Jonathan Richman vs. Steve Bannon...Er, Colonel KlinkEXPAND
Collage by Tex Kerschen

Jonathan Richman vs. Steve Bannon...Er, Colonel Klink

“I love people, I love life, I love to be alive. I will never grow old. We are all brothers and sisters in one big family. We all have the power of (at least) a flaming Nova Star within us. We are all full of beauty waiting to burst out. It is forever springtime.”

— Jonathan Richman, answering a questionnaire in New York Rocker

Who's that prancing in the shadows, obscured by the misdirected bright lights? No, not Steve Bannon, that alcoholic death-drive incarnate, seeking glory in his all-in attempt to bring about the world's end within his own lifetime. Steve Bannon, remarkable in that he’s a bona fide super-creep and one of the only semi-competent actors among the cabal of white-collar looters and bottom-feeders that make up our newly sworn-in executive branch, thought by many to be the current acting president of the USA, sees himself like this: “Darkness is good. Dick Cheney. Darth Vader. Satan. That’s power.” But, happily, so far at least, despite their grandiose sense of self and their xenophobic vision and near total-control of all three branches of government, they have revealed themselves to be more like the bumbling Nazis of Hogan’s Heroes.

Inevitably, when the transcripts are somehow dug up from the back-end of whatever easy-hack encryption is currently in use in the White House, whether it’s Snapchat or Twitter DM or whatever, and published half a century from now, the rats, with the smug, knowing way of evolved, post-nuclear rats, will have a field day discussing quotes like this, and wondering why the Bunker 45 staff chose pseudonyms like Klink, Schultz and Burkhalter:

Colonel Klink: “Of course, you want me to handle it with my usual Klink efficiency, General.”
General der Infantrie Albert Burkhalter: "No, this time I want it done right.”

Except, no one's really laughing. Just like Hogan's Heroes, it's not that funny, and just like Hogan's Heroes, it's all in really bad taste. The past month has already been a hard four years for most, and a nightmare for some.

Tacitus tells us that the Roman Emperor Nero, crowned through mysterious misdeeds and given to nearly every kind of vice and savagery, was at heart just another mediocre aspiring singer and poet, a sociopathic narcissist who only wanted to be loved. Our reigning president pro tem, wearing the crown of absolute power like a gouty Napoleon, is likewise a mediocrity wrapped around a psychological abyss. But times have changed, and here it behooves us to be clear in our distinctions: Our Imperator Americana, big explosive daddy of the 140-character jungle, has shown no proclivities for music or poetry; he’s more of a self-styled TV celebrity who plays a business tycoon onscreen. Vive la différence!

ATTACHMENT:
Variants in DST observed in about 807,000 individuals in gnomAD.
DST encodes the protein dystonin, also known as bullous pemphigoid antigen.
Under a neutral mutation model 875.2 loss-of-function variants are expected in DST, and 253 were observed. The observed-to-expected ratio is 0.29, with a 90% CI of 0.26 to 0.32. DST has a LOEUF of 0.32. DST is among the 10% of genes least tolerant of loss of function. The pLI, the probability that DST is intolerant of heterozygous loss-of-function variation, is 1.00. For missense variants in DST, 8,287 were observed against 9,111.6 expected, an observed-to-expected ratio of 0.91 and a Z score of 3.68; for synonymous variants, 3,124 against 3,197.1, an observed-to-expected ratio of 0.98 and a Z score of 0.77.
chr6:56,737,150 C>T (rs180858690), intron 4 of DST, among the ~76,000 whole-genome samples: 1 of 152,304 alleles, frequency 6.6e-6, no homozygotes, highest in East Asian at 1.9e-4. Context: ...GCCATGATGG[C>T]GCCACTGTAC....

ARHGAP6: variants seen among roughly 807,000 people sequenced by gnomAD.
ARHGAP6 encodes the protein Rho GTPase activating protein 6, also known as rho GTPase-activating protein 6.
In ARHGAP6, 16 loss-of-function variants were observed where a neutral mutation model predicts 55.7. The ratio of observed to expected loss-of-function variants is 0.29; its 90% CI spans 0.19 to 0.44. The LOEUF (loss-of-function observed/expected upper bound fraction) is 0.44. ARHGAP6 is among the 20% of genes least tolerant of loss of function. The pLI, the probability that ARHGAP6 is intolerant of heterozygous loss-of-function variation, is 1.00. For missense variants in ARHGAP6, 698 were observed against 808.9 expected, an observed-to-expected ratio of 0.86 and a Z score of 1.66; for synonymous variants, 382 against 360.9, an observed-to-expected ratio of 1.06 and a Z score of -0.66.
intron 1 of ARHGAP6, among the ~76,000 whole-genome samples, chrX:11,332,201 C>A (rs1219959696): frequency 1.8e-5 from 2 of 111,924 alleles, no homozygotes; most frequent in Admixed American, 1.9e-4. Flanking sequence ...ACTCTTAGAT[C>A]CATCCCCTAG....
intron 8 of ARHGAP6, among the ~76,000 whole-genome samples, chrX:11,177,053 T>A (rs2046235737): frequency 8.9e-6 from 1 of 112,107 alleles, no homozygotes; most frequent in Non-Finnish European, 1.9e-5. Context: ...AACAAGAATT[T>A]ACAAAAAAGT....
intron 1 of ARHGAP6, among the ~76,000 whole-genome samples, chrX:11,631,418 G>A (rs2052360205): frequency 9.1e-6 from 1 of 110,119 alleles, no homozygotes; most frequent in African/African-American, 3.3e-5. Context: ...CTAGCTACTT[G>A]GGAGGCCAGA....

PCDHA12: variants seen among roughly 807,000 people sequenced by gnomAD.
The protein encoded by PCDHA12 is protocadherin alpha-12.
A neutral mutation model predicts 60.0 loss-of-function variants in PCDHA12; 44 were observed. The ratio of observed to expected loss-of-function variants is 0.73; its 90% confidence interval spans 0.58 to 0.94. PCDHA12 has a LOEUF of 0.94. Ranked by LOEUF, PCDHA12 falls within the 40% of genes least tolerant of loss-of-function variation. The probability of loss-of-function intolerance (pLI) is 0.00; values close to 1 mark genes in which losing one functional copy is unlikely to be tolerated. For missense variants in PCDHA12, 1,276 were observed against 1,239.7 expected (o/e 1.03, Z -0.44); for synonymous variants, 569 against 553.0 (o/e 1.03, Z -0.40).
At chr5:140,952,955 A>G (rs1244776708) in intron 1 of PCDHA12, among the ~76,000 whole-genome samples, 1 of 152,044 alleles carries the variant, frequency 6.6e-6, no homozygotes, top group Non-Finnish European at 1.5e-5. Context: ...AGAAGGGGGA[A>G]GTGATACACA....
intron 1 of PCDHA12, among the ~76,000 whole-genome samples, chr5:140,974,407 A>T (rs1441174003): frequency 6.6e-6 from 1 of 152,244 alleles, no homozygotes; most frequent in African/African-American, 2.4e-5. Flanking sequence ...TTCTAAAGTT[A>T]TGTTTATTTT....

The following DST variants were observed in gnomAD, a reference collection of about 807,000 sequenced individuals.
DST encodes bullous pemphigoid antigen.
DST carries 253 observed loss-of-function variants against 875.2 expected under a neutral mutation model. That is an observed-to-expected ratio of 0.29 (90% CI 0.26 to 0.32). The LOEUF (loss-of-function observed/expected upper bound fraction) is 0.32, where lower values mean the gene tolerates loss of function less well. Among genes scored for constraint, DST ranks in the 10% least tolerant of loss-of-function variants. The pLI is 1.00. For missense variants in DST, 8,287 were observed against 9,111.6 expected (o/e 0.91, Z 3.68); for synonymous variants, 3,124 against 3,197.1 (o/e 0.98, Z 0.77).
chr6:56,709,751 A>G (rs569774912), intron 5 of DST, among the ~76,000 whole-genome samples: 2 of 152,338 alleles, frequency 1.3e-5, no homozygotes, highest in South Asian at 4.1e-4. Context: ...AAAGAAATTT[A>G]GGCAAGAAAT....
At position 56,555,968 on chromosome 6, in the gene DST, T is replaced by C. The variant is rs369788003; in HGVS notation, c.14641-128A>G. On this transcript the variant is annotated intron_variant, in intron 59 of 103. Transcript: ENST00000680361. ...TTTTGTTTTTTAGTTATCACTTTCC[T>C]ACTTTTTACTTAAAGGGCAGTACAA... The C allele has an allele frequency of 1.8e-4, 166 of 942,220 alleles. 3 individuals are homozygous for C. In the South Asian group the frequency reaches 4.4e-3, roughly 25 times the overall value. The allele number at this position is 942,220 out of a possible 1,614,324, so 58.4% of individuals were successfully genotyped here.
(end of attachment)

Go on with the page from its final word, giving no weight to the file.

Anyhow, who is that dancing and bobbing in the shadows?

Jonathan Richman
Continental Club, February 21
It’s Jonathan Richman, who, along with Tommy Larkins (the other member of his one-man band), is coming around once again to mend your heart and loosen your chi. At one time he looked ready to become the human bridge over that babbling brook between the Velvet Underground and New York punk. The Modern Lovers wrote short, quick ditties about teenage living, hippies and cool cars, like "Roadrunner," covered by Johnny Rotten and the Sex Pistols. The thing was, Jonathan Richman was more Llorca than Lou Reed, and he was no one’s patsy. He eschewed the loud life, the drugged life, the pallid New York life of the never-ending '70s, and he’s been mapping out a strange personal path through good humor and healthy living ever since, writing unforgettable and unlikely hits about romance, romantic encounters and romantic places, such as “I Was Dancing in the Lesbian Bar,” “Pablo Picasso” and “Give Paris One More Chance,” and zooming around the world bringing his art to the people. In every way possible, except legislatively, it’s not unfair to consider him a one-stop antidote to Trump TV and the Trump Reich.

And here, to be brief, is the rest of this weekend’s trashy lineup.

Friday, at Rice University’s Matchbox Gallery, out-sounds aficionado Hayden Right presents a series of crypto-alphabetic artworks with music from Robert Pearson and John Kennedy.

Later Friday night, Walters Downtown presents a showdown between Detroit garage-punk minimalists Tyvek and Michigan troubadour Fred Thomas, joined by the charming Rose Ette and the charming The Hammer Party.

At the same time, Friday night, Civic TV hosts modern harp player Mary Lattimore, with support from the ubiquitous Barry Elkanick’s Chalk, as well as Rosali.

I myself may be electing to demonstrate the latest in dad romps, thumb pops and left-footery, as well as a few questionably plotted social dances at the long-running, well-loved A Fistful of Soul monthly shindig at the Continental Club.

Friday and Saturday, Distant Worker hustle their trashed-out dubs and conspiratorial concatenations back-to-back at AvantGarden.

Friday night’s show, “Zoning Out Over a Bowl of Ice Cream,” is a benefit to help raise funds for an anonymous local music-afficionado’s expensive cancer treatments.

Saturday night’s show is Common Sense, an electronic confab for freaks and the freaks who love them, also starring Acid Jeep, Secret Sands, Funeral Parlor, An Oblique Offering, DJ Guyot, DJ Milo Tech and with hypnotic trance-inducing videos from Ebblo & Sppank.

From Our Sponsors

Newsletters

All-access pass to the top stories, events and offers around town.

  • Top Stories
    Send:

Newsletters

All-access pass to top stories, events and offers around town.

Sign Up >

No Thanks!

Remind Me Later >